Indian Country Today Media Network last week highlighted the voices of several Indians who shared their opinions of conservatives who mocked the Jan. 12 blessing by Pascua Yaqui citizen Carlos Gonzales in honor of Arizona Rep. Gabrielle Giffords. The common message was that all people – conservative, liberal, and in between – must stop the “language of savagery,” the kind of language in American society directed toward Natives that is hurtful, demeaning, and just plain wrong.
The same week the story published, several conservative bloggers committed the exact error that the Indians in the piece wanted them to ponder—again in reference to the Gonzales blessing.
The ire this time stemmed from the case of Paul Mirengoff, who wrote on the PowerLine blog after watching Gonzales’ blessing that it was, in a word, “ugly.” The problem for Meringoff was that he was not only a blogger—he was also a partner at the powerful D.C. law firm Akin Gump Strauss Hauer & Feld, which happens to have an Indian law practice that in 2010 represented the Seneca Nation and the Gila River Indian Community.
Whatever happened internally at the firm after Mirengoff hit the publish button, we cannot say for sure. But publically, Mirengoff apologized, the firm apologized, the post was removed, and he quit blogging altogether. Next, a whole bunch of Mirengoff’s conservative colleagues were outraged—not by what he had said, but by his decision to keep his lawyer job, rather than continue blogging. And of course they took their madness out on Indians.
Former Washington Times scribe Robert Stacy McCain played the role of an alarmist, writing in a Jan. 31 blog post, titled, “Power Line Gets Scalped: Did Indian Tribe Money Influence Akin Gump Decision?,” that he believed tribes had knocked off Mirengoff—and somehow former House Speaker Nancy Pelosi was involved, too. “You may recall that Pelosi and Democrats were elected in 2006 on a promise to clean up the ‘culture of corruption’ in Washington. Exhibit A in the Democrats’ case against the GOP that year? Yeah: ‘Casino Jack’ Abramoff’s shady dealings with Indian tribes,” McCain wrote. “So in criticizing that Yaqui prayer at the Tucson memorial, Paul Mirengoff wasn’t just being politically incorrect, he was also offending a lucrative segment of Akin Gump’s lobbying clientele, whom the firm had recently hired three lawyers to service. Small wonder that Mirengoff was likely forced to choose: Quit blogging at Power Line or quit working at Akin Gump.”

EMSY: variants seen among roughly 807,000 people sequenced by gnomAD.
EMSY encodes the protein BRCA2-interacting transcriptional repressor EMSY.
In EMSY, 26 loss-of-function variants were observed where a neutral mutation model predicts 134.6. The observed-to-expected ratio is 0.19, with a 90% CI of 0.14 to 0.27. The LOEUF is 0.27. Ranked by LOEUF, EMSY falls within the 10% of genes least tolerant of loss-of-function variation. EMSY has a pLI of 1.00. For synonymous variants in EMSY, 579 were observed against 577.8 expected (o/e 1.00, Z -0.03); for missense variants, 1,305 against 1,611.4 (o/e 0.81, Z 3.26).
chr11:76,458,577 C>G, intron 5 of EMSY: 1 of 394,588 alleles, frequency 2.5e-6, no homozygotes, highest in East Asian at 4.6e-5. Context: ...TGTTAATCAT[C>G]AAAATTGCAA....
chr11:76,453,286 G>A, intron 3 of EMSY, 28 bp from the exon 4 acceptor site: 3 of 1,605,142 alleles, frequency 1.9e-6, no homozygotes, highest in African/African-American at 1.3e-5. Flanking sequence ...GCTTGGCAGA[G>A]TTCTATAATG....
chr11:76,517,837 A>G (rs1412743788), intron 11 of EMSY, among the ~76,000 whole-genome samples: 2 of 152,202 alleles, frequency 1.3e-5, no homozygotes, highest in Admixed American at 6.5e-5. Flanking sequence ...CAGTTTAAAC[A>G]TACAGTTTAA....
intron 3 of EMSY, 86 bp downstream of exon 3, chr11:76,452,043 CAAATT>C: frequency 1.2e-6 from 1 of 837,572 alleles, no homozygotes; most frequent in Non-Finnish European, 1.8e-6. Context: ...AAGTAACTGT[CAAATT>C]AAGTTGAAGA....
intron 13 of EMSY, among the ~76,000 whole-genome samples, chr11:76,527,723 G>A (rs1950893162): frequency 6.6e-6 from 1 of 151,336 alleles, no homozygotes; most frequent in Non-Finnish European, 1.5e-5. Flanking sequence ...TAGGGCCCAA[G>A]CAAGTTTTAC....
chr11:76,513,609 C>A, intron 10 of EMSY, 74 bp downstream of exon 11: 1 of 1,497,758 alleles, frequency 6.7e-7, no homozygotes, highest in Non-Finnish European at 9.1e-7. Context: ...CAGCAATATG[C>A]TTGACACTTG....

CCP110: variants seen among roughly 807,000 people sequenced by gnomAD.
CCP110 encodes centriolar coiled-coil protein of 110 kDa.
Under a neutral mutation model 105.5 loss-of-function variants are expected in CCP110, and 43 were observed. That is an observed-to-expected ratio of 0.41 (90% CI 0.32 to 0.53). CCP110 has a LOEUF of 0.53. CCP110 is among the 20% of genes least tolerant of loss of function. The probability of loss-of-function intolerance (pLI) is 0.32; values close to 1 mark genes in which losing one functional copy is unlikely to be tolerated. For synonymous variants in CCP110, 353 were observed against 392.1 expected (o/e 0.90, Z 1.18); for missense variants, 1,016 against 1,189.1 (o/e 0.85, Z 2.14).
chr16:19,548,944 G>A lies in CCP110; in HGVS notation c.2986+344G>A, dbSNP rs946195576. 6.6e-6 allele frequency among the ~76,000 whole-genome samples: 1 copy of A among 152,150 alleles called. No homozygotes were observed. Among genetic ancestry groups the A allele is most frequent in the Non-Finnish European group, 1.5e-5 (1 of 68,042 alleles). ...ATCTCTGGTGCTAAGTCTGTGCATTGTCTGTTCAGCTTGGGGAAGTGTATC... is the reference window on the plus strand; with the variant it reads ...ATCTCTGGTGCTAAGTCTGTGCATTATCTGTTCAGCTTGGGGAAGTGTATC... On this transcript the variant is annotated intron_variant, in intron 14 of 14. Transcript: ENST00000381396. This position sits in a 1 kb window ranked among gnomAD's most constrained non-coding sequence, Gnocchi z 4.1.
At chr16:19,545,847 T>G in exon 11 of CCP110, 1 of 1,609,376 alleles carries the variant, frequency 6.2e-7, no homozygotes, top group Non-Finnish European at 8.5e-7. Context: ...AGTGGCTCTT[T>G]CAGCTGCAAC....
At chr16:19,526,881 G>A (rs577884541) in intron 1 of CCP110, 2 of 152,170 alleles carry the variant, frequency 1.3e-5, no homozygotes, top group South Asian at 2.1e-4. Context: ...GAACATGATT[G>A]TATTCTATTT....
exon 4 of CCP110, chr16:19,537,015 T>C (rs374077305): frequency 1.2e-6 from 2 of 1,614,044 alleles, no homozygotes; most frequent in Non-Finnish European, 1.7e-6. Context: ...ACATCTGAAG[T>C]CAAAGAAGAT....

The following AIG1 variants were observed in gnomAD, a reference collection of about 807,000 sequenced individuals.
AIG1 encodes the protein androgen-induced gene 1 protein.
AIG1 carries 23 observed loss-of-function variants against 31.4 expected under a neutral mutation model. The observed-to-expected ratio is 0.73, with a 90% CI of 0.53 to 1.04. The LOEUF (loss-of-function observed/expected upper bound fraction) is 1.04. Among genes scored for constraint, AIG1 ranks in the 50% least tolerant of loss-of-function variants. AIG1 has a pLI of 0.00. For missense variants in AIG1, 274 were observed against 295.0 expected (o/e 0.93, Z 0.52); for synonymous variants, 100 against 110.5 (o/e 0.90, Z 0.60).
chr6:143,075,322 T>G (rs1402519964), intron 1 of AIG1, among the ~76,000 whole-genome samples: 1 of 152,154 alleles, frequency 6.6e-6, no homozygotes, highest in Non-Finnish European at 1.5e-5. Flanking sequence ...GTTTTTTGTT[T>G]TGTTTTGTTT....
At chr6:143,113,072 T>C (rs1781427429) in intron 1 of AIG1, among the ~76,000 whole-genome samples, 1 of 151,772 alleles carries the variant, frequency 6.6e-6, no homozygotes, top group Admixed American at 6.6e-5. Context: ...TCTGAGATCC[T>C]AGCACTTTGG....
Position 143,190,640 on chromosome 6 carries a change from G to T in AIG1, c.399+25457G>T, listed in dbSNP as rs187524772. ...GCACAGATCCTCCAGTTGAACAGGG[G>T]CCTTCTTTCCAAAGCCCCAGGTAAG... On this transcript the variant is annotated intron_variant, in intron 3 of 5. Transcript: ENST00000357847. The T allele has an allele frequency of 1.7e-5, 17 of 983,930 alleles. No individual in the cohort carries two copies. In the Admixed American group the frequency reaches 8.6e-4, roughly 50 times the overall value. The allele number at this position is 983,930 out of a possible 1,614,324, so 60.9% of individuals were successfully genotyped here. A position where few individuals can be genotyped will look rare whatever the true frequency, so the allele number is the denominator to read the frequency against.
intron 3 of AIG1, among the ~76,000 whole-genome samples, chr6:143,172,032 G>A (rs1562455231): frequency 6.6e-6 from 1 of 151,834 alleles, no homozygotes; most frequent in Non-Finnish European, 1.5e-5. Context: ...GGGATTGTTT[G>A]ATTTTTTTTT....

Like many skillful bloggers, McCain presented a whole lot of dots, but oh-so-few lines to connect them. Cornell Law School’s William Jacobson was more direct in drawing his line—one that was intended to go straight through the hearts of liberals: “I can’t help but think that Mirengoff being a well-known conservative blogger contributed to the fauxtroversy and that there was a double standard,” he wrote Jan. 31. “If Mirengoff were a liberal blogger, and had made exactly the same comments but about having only a Christian preacher opening the memorial service for non-Christians, Mirengoff still would be blogging at Power Line.”
By that point, Indians across the nation had already made their positions on the situation quite clear. It was no “fauxtroversy,” and it would have been wrong no matter who said it.
Finally, there was Jeff Goldstein at Protein Wisdom, defending Mirengoff by talking about the importance of words: “If we’re going to pretend that language works in a way that it clearly doesn’t — and to institutionalize that idea into our very epistemology — what we will end up with is the slow erosion of our speech, as more and more of it becomes subject to ‘interpretations’ motivated by cynicism and a will to power.”
By that reasoning Goldstein might want to rejoice: For now, it seems, the language of savagery lives on.